2 – Can context be thought of as more (or less) than existing built form?

“Expanding our conception of context, how might architecture point to and engage in a dialogue with the non-architectural world?”  Ok, but realistically, this is not a distinct question from the first question. I read “existing built form” as “history.”

3 – Can reading context be a process of extraction?

As I mentioned before, the term extraction never implies an analytical process prior to reuse. To the contrary, that term implies selective identical reuse. Extraction of ideas, however, is something that may be open to discussion, but O’Donnell doesn’t see to distinguish.

4 – Can a contextual/regional response be inappropriate?

Now that O’Donnell is clearly combining these two movements as one category, this new question is about whether a contextual approach to architecture could arrive at non-contextual solutions. Though seemingly a paradox, further examination would uncover that honest analytical problem solving from a site context standpoint could uncover theretofore undiscovered solutions, whereby the geometric form of such solutions is acontextual. “The revolutionary, exotic, alien might be generated, not for the sake of flamboyance but because a response to exterior forces might demand that of the project. . . . Thus, to a certain extent, we might claim that in order to be responsive, a certain disorderliness is required.”


O’Donnell’s first mention of collage:

In collage proper, developed more than fifty years earlier in the field of Art, although the fragment is cropped out of its former context, it is deformed only perceptually, not necessarily physically in its new context. 126

She relates this to an important clarification of Rowe’s ideology from Collage City, an interpretation I hadn’t thought of previously, and one that gives me pause when I mention that his contextual theory is important to mine.

The strategy advocated in Collage City is one that takes a perfect and contextless object and inserts it into a context, which deforms it just enough so that both the original pure form and the deformation imposed by its adjustment to its new site are legible at once. . . The emphasis is on the transformation and the adjusted, while the ideal itself remains uninvestigated. 123

And that too is an important distinction, that the originating form of the building in question is “uninvestigated.”  I’d argue, O’Donnell hasn’t proposed a process for “investigation” in her book either. But, it does shed light on the limitations of a purely Rowe-centric contextual theory. The vocabulary O’Donnell utilizes tends to elicit a recurring theme of the “acrobatic,” “reflex-minded,” or malleable object building. Rowe had made himself famous for his mathematical analysis of renaissance buildings, so it is perhaps obvious that Collage Citymay have been a reassociation of his earlier thoughts about the ideal rather than a reorganization of his thinking. Either way, Rowe never built any buildings, so it’s hard to really know how his viewpoints could have been implemented.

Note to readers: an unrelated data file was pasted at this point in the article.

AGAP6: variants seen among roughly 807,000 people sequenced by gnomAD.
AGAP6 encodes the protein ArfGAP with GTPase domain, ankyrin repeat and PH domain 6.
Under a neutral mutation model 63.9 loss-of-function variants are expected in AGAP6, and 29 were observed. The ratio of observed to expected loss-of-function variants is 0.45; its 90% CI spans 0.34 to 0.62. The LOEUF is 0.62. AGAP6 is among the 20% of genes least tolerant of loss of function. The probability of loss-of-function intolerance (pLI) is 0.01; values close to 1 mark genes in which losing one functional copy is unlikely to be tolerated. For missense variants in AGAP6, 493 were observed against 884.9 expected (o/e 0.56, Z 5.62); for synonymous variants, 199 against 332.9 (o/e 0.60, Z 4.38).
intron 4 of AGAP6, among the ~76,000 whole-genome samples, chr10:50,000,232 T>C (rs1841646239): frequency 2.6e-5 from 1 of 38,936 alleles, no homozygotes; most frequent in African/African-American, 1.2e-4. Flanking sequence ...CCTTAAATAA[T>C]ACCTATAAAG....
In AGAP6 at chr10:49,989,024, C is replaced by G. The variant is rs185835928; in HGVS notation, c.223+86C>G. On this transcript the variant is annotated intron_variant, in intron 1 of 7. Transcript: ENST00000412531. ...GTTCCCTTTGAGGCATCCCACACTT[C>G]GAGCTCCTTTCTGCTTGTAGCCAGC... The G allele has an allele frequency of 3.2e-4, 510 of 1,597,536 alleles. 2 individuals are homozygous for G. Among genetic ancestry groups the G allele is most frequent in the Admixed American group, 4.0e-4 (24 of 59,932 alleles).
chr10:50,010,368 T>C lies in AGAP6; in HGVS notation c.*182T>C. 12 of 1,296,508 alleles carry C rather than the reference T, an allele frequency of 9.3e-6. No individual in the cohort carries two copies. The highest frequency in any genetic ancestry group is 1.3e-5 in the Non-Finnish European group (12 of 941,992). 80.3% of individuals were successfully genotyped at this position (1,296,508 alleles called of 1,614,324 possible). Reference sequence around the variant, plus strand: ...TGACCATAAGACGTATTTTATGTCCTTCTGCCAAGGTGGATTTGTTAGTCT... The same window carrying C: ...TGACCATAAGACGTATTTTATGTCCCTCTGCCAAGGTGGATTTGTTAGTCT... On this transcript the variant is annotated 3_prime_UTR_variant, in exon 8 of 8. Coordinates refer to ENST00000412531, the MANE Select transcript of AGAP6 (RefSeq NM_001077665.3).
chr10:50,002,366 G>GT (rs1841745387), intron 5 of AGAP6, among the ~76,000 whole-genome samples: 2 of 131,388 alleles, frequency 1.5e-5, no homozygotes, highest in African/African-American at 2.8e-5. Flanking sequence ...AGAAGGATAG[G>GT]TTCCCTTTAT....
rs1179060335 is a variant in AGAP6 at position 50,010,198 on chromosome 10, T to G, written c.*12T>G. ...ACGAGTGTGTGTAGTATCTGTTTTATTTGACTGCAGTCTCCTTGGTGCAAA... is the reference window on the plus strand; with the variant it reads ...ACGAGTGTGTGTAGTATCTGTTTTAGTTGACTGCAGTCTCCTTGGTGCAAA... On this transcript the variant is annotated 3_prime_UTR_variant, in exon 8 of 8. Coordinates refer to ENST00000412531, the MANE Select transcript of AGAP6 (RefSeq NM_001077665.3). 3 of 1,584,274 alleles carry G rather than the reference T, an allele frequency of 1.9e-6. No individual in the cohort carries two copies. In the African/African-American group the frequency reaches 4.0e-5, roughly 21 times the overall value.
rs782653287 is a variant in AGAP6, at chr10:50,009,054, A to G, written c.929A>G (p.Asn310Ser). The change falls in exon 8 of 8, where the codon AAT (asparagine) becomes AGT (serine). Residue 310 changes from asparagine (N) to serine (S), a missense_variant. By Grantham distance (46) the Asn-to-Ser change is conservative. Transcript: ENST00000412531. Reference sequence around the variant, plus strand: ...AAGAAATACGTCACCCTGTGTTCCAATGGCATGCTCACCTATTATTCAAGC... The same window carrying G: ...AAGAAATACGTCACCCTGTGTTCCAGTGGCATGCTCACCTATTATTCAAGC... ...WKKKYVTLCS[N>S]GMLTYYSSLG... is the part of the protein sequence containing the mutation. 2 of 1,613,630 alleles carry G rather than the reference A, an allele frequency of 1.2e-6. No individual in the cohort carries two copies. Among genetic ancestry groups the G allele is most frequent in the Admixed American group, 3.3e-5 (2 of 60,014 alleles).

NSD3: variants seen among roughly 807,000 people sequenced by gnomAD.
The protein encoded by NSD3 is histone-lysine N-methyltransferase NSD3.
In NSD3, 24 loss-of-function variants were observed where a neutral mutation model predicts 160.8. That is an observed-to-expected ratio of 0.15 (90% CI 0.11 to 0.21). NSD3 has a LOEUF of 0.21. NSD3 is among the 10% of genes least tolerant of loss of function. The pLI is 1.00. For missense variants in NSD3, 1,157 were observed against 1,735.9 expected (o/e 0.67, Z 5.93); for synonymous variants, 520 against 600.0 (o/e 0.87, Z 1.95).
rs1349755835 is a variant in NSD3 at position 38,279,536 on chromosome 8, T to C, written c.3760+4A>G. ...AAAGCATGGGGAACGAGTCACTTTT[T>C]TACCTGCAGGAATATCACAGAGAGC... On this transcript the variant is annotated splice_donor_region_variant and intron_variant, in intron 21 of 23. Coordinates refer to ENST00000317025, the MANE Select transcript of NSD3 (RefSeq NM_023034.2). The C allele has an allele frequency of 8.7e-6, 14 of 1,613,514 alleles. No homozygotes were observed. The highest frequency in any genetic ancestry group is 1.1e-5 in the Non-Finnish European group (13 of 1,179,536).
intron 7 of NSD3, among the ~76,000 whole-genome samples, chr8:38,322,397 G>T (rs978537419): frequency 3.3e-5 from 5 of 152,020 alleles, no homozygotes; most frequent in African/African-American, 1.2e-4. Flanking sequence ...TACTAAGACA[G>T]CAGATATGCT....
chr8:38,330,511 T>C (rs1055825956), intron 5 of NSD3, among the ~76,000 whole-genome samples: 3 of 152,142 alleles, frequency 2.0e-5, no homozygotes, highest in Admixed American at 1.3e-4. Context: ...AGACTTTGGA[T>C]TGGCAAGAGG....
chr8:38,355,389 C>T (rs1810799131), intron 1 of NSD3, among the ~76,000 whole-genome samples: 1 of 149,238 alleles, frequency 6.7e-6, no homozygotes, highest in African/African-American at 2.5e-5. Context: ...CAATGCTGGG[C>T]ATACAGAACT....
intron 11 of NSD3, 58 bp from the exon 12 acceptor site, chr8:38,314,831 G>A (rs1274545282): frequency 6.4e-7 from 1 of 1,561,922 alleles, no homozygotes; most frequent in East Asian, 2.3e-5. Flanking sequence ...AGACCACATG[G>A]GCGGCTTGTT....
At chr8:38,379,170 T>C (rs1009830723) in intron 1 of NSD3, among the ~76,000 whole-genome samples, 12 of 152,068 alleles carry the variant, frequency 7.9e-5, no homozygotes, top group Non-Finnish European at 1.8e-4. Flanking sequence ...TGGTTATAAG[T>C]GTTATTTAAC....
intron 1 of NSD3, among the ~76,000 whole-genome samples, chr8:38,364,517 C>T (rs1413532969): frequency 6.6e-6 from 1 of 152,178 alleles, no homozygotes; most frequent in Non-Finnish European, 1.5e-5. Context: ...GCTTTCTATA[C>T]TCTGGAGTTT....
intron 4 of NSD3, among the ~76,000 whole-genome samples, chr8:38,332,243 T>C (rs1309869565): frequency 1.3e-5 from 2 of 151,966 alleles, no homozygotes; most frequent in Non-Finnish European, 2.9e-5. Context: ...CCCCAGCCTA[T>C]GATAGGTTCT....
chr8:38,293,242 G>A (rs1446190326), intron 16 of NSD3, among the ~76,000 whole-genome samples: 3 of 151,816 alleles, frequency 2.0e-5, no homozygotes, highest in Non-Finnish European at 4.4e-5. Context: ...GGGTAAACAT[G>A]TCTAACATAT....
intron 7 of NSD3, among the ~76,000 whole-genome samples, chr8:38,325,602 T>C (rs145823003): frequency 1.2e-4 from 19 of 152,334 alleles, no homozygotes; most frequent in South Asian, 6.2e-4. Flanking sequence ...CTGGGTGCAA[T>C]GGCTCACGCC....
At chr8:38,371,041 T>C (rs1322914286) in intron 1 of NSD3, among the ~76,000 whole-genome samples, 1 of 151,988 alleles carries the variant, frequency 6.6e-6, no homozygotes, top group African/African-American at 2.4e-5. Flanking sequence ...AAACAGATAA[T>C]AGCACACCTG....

Rowe and his compadre Fred Koetter “propose a scenario in which figure and background are in dialogue in the urban context. They argue for an ambiguous reading of the architectural object at one moment as an object, and at the next as part of a background.”  For further evaluation, O’Donnell clarifies the triad of “subject, context, viewer.”  She then highlights an important bifurcation of contextual thought when viewed through the lens of collage: there are actually two contexts that are recorded from a design, the context of the former situation prior to isolation and the later imposition within a new landscape.

But does O’Donnell sometimes mean “montage?”  She references the Kuleshov Effect in her discussion of montage. Lev Kuleshov was a filmmaker in the 1910s and 1920s where he discovered that people have a tendency to associate a frame/scene within the context of adjacent frames/scenes. Our perception is thus altered by surrounding context. On montage, “meaning is invoked by juxtaposition rather than directly imposed by isolated shots or objects. . . the spectator perceives the intentionally created gestalt in which the relationship of shot to shot overrides the finer aspects of any actor’s performance.”

As an example of contextual readings, she cites the various visual adjacencies of the Statue of Liberty: where it was produced (in pieces), where it was installed in the late 1800s, and its complementary mini-model sited in the Seine near the Eiffel Tower. Culturally, we also have the historic context in which the Statue represents freedom “in a land where no woman has political liberty,”  the re-reading of the Statue in the early 20th century by its adjacency to Ellis Island, and how we see the iconography of the statue in the film Planet of the Apes.

O’Donnell goes on to describe projects in which duplication is paramount, such as the US White House and its sibling chateau in France: same architecture, different representation. Or, is it?  One could argue that our reading of the White House as exemplary isn’t so much that it visually varies from a lord’s chateau in Europe, rather it’s that we elect the person inside of that building, it belongs to us all. I think a good example of montage would be something like New York New York Hotel and Casino in Las Vegas, where indeed there’s another Statue of Liberty, perhaps here defining our freedom to gamble.